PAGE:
Flukes (Liver, Lung, and Intestinal)

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Chapter 293 Flukes (Liver, Lung, and Intestinal)

Several different trematodes, or flukes, can parasitize humans and cause disease. Flukes are endemic worldwide but are more prevalent in the less developed parts of the world. They include Schistosoma, or the blood flukes (Chapter 292), as well as fluke species that cause infection in the human biliary tree, lung tissue, and intestinal tract. These latter trematodes are characterized by complex life cycles. Sexual reproduction of adult worms in the definitive host produces eggs that are passed in the stool. Larvae, called miracidia, develop in freshwater. These, in turn, infect certain species of mollusks (snails or clams), in which asexual multiplication by parasite larvae produces cercariae. Cercariae then seek a 2nd intermediate host such as an insect, crustacean, or fish or attach to vegetation to produce infectious metacercariae. Humans acquire liver, lung, and intestinal fluke infections by eating uncooked, lightly cooked, pickled, or smoked foods containing these infectious parasite cysts. The “alternation of generations” requires that flukes parasitize more than 1 host (often 3) to complete their life cycle. Because parasitic flukes are dependent on these nonhuman species for transmission, the distribution of human fluke infection closely matches the ecologic range of the flukes.

Liver Flukes

Fascioliasis (Fasciola hepatica)

Fasciola hepatica, the sheep liver fluke, infects cattle, other ungulates, and occasionally humans. This infection affects ~17 million people worldwide and has been reported in many different parts of the world, particularly South America, Europe, Africa, China, Australia, and Cuba. Although F. hepatica is enzootic in North America, reported cases are extremely rare. Humans are infected by ingestion of metacercariae attached to vegetation, especially wild watercress, lettuce, and alfalfa. In the duodenum, the parasites excyst and penetrate the intestinal wall, liver capsule, and parenchyma. They wander for a few weeks before entering the bile ducts, where they mature. Adult F. hepatica (1-2.5 cm) commence oviposition approximately 12 wk after infection; the eggs are large (75-140 µm) and operculated. They pass to the intestines with bile and exit the body in the feces (see Fig. 292-1). On reaching freshwater, the eggs mature and hatch into miracidia, which infect specific snail intermediate hosts to multiply into many cercariae. These then emerge from infected snails and encyst on aquatic grasses and plants.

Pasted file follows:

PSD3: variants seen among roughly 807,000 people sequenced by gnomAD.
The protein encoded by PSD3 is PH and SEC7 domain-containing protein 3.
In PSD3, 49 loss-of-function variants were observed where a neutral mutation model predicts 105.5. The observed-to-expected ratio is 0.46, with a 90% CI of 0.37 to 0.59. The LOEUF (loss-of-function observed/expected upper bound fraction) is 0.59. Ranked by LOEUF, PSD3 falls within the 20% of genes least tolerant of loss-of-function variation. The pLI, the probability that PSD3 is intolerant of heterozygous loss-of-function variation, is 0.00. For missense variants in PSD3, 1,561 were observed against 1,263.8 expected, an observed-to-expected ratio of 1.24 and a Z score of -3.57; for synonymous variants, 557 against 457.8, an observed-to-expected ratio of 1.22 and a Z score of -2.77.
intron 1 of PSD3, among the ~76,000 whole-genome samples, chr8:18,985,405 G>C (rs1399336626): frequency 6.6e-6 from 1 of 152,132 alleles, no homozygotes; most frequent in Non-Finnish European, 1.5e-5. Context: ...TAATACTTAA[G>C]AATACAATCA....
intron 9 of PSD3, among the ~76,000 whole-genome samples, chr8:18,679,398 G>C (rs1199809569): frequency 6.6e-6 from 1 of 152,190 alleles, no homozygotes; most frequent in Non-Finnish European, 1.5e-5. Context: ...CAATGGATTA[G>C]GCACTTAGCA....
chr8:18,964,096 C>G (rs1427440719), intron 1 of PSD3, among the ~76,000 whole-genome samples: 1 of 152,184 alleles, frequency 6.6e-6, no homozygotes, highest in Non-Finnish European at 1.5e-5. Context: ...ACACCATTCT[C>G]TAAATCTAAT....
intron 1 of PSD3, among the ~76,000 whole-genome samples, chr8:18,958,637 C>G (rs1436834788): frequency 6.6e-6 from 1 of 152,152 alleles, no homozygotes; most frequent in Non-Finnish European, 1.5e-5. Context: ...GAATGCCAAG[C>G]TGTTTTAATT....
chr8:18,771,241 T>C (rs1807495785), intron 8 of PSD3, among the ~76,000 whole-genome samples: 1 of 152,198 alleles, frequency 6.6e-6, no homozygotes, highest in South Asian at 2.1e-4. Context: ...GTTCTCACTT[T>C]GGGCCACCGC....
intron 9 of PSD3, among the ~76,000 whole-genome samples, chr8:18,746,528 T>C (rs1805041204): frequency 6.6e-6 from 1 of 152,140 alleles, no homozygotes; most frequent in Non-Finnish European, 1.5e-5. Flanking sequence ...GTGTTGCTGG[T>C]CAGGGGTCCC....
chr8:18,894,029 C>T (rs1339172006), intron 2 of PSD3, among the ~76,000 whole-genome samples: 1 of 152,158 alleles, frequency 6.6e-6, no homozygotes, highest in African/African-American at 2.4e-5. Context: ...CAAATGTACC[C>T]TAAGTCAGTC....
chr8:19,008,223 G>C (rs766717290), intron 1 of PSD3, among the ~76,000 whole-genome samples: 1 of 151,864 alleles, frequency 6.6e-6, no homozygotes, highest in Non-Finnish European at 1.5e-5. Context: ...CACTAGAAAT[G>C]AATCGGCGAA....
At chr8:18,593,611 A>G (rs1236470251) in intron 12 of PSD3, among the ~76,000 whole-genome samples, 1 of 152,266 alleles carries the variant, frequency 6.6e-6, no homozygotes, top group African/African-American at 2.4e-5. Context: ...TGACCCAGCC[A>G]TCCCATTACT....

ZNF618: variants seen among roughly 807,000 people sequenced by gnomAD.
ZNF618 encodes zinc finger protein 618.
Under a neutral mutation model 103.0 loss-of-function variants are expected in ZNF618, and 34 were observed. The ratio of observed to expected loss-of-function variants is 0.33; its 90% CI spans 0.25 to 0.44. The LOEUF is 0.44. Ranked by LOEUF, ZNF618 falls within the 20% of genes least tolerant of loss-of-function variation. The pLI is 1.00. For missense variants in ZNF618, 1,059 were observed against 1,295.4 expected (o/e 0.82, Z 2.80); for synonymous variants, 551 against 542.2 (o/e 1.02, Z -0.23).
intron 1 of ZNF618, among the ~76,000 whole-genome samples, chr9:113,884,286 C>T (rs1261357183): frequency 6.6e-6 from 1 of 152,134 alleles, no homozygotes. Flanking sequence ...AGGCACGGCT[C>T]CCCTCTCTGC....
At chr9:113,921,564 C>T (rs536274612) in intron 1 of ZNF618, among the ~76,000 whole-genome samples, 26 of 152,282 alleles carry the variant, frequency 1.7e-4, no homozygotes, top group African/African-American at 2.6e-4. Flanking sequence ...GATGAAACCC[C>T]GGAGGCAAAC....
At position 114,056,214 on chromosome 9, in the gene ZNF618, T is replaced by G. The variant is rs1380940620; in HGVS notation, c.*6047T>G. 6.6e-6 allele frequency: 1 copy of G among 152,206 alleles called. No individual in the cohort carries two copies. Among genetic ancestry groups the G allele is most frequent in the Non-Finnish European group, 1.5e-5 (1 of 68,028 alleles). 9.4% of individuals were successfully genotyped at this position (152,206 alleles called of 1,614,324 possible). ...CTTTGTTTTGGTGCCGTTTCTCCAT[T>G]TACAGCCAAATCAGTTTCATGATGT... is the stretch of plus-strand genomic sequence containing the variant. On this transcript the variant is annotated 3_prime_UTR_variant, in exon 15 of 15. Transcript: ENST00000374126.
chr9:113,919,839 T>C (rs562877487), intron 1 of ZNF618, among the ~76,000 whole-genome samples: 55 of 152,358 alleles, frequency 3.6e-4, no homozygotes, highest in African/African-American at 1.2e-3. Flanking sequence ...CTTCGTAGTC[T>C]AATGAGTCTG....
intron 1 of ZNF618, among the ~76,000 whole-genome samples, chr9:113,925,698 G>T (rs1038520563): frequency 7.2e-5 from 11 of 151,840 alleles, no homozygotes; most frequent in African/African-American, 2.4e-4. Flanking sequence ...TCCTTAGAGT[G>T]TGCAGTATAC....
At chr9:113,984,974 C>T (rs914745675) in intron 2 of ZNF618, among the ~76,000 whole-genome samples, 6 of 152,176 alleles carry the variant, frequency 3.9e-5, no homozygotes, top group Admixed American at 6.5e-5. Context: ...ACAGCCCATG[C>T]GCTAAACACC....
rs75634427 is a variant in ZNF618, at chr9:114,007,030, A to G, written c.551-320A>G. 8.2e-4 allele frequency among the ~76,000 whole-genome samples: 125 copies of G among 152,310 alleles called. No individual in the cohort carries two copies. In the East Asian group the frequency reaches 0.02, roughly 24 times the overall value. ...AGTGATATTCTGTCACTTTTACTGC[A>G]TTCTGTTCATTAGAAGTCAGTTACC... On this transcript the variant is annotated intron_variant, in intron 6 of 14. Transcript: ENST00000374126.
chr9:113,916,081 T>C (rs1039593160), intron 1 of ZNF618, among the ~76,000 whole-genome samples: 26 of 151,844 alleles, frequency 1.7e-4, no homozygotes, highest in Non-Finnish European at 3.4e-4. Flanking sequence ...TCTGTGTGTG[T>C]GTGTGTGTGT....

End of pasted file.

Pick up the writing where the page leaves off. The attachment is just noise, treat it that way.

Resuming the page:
Clinical manifestations usually occur either during the liver migratory phase of the parasites or after their arrival at their final habitat in upper bile ducts. Fever, right upper quadrant pain, and hepatosplenomegaly characterize the 1st phase of illness. Peripheral blood eosinophilia is usually marked. As the worms enter bile ducts, most of the acute symptoms subside. On rare occasions, patients may suffer from obstructive jaundice or biliary cirrhosis, with signs of cholestasis, ascending cholangitis, cholelithiasis and jaundice with elevation in liver enzymes, direct bilirubin, and γ-glutamyl transpeptidase (GGT). F. hepatica infection is diagnosed by identifying the characteristic eggs in fecal smears or duodenal aspirates. Diagnosis can be suggested by positive serology and imaging that reveals acute hypodense liver lesions that change over time. Presentation can be dramatic in children, with features including generalized edema, hepatic cirrhosis with esophageal varices, and, in severe cases, death from generalized organ failure.

The recommended treatment of fascioliasis is triclabendazole (10 mg/kg once or twice PO) or bithionol (30-50 mg/kg once daily PO on alternate days for a total of 10-15 doses). In the USA, bithionol is available from the Centers for Disease Control and Prevention (telephone: 404-639-3670).

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